Girnar Hills




Girnar, also known as Girinagar (‘city-on-the-hill’) or RevatakParvata, is a group of mountains in the Junagadh District of Gujarat, India.

The Girnar mountain ranges are considered to be sacred. It is an important pilgrimage site for both Jains and Hindus, who gather here during the Girnar Parikrama festival. Girnar is one of the five major ‘tirthas’ attributed to the ‘panchkalyanakas’ of various ‘Jain tirthankaras’

According to Mr. Akabarali Khorajiya, there are 9,999 steps to reach the tip of the mountain. He has climbed the mountain during his “bhari jawaani”. He has manually counted each and every step.

Different Jain Tirthankaras and monks have in the past visited and practiced severe penance at the peaks of Girnar. It hosts a number of temples and some historical spots across its range. Amidst the lush green Gir Forest, the mountain range serves as the hub of religious activity.

For Jains this place is considered holy as Nirvana Kshetra and Nirvan bhumi of 22nd Tirthankara Neminath and for Hindus this place is considered holy as Dattatreya stayed there.

Also as per mythology, this place is associated with the death of the mighty Yavana warrior Kalayavana in Dwaparyug. Lord Shri Krishna lured Kalayavana into the cave where the great king of Tretayug, Muchukunda, one of the forefathers of Lord Shri Rama was in a deep slumber of thousands of years after helping Devas in an epic war with Asuras. Contemplating an absolutely undisturbed sleep he was given a boon that anyone who dared to disturb his sleep would get burnt to ashes immediately. Fast forward to Dwaparyug, in the darkness deep inside the cave, Kalayavan mistakenly wakes up Muchukunda from his sleep, and sure to his boon Kalayavan was decimated into ashes instantaneously. Then Muchukunda was delighted to see Lord Shri Krisha there, who was none other than the Lord Vishnu. This story is very popular in Srimad Bhagavata. Lord Damodar here is considered as Adhipati of Girnar Kshetra. This place is very holy for Vaishnavaits. Notwithstanding the story though, today Mount Girnar is even more popular as a Shaiva and Siddha Kshetra.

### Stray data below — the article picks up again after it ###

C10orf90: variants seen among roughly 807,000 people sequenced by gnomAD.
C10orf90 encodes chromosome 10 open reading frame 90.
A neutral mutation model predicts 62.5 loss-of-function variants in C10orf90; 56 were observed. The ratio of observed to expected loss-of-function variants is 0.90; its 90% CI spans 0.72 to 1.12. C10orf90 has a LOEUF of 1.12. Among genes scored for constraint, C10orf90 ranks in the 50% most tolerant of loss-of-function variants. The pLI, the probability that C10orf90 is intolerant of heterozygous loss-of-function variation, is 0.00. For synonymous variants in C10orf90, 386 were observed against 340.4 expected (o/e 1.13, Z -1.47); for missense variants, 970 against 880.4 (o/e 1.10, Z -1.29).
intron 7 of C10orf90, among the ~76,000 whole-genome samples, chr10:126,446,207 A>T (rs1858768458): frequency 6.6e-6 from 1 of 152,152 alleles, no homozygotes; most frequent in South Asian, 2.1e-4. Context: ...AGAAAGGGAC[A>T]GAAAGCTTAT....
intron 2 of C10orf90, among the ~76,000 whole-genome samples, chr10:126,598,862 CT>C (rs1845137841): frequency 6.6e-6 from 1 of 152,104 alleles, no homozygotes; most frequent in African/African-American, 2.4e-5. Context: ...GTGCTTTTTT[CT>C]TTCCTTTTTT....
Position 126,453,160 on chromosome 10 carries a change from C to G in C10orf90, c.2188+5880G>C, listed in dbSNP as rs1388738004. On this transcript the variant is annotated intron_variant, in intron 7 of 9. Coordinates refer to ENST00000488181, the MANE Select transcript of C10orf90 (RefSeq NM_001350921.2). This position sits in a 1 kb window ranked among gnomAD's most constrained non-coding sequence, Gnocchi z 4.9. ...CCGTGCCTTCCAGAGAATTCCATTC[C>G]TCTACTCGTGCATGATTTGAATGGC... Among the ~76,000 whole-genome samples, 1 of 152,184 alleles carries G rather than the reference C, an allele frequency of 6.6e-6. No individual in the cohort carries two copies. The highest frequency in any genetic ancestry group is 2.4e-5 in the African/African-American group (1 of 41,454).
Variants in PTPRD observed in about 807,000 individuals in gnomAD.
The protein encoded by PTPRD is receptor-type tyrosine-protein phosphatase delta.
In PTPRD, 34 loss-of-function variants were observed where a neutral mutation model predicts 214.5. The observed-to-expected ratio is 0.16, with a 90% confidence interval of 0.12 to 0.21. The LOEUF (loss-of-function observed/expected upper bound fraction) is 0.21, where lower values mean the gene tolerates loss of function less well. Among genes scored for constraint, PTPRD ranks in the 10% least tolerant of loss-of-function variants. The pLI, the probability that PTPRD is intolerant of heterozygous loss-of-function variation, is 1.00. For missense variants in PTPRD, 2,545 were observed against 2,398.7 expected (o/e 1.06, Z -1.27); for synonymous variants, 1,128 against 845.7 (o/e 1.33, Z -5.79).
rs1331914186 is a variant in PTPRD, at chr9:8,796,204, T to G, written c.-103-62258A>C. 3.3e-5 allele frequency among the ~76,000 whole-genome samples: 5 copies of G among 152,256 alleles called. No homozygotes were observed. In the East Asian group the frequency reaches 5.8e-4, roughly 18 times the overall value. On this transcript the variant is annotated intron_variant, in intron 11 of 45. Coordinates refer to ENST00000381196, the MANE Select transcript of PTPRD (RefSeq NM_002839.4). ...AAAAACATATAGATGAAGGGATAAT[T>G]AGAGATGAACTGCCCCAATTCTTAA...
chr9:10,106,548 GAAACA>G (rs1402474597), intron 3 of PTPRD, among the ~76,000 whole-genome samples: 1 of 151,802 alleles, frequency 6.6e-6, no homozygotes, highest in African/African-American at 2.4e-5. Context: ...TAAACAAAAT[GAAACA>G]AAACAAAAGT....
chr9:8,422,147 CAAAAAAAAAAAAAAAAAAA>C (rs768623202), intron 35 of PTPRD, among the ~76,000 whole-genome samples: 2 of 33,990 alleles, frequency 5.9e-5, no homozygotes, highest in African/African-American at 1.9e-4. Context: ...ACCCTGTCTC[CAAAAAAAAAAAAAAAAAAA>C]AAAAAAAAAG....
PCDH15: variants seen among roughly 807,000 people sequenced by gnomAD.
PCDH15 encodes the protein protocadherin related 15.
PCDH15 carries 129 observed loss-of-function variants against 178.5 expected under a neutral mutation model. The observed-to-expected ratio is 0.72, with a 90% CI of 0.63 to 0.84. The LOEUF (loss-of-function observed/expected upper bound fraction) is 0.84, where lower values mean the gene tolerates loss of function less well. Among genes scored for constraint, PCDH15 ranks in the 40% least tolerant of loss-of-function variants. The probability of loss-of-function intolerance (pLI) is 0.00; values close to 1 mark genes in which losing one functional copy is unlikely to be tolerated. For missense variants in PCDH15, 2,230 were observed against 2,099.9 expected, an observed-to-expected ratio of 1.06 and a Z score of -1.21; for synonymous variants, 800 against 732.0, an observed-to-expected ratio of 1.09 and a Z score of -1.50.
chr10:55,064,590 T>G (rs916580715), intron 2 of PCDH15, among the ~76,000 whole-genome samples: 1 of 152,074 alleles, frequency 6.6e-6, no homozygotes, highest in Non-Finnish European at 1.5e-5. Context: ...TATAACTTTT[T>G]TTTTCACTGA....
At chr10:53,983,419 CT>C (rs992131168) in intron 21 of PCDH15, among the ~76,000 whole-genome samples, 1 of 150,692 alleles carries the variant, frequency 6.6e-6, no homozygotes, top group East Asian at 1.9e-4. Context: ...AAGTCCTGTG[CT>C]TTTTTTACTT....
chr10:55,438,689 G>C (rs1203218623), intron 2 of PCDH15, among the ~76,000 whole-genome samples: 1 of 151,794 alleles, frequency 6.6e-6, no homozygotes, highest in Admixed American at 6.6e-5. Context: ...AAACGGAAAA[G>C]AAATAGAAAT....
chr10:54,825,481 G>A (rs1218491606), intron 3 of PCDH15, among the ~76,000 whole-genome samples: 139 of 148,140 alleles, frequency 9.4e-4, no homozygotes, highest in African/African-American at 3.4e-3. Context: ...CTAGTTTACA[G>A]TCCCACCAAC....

Mount Girnar is a major igneous plutonic complex which intruded into the basalts towards the close of the Deccan Trap period. The rock types identified in this complex are gabbros (tholeiitic and alkalic), diorites, lamprophyres, alkali-syenites and rhyolites. The parent gabbroic magma is shown to have given rise in sequence to diorites, lamprophyres and alkali-syenites. The rhyolite, though earlier considered a product of differentiation, is now believed to be an independent magma without any genetic link with the gabbro and its variants.
The mountain Girnar is older than the Himalayas and the Jain temples upon it are amongst the most ancient in the country; it is the Nirvan bhumi of 22nd Tirthankara Neminath. It is 3666 feet high, and is one of the most remarkable mountains in India. From the city of Junagarh, which is at an altitude of barely 351 feet only the top of Mount Girnar can be seen, as it has in front of it lower hills, of which Jogniya, or Laso Pawadi, 2527 feet; Lakhshman Tekri, Bensla, 2290 feet high; and Datar, 2779 feet high, are the principals.

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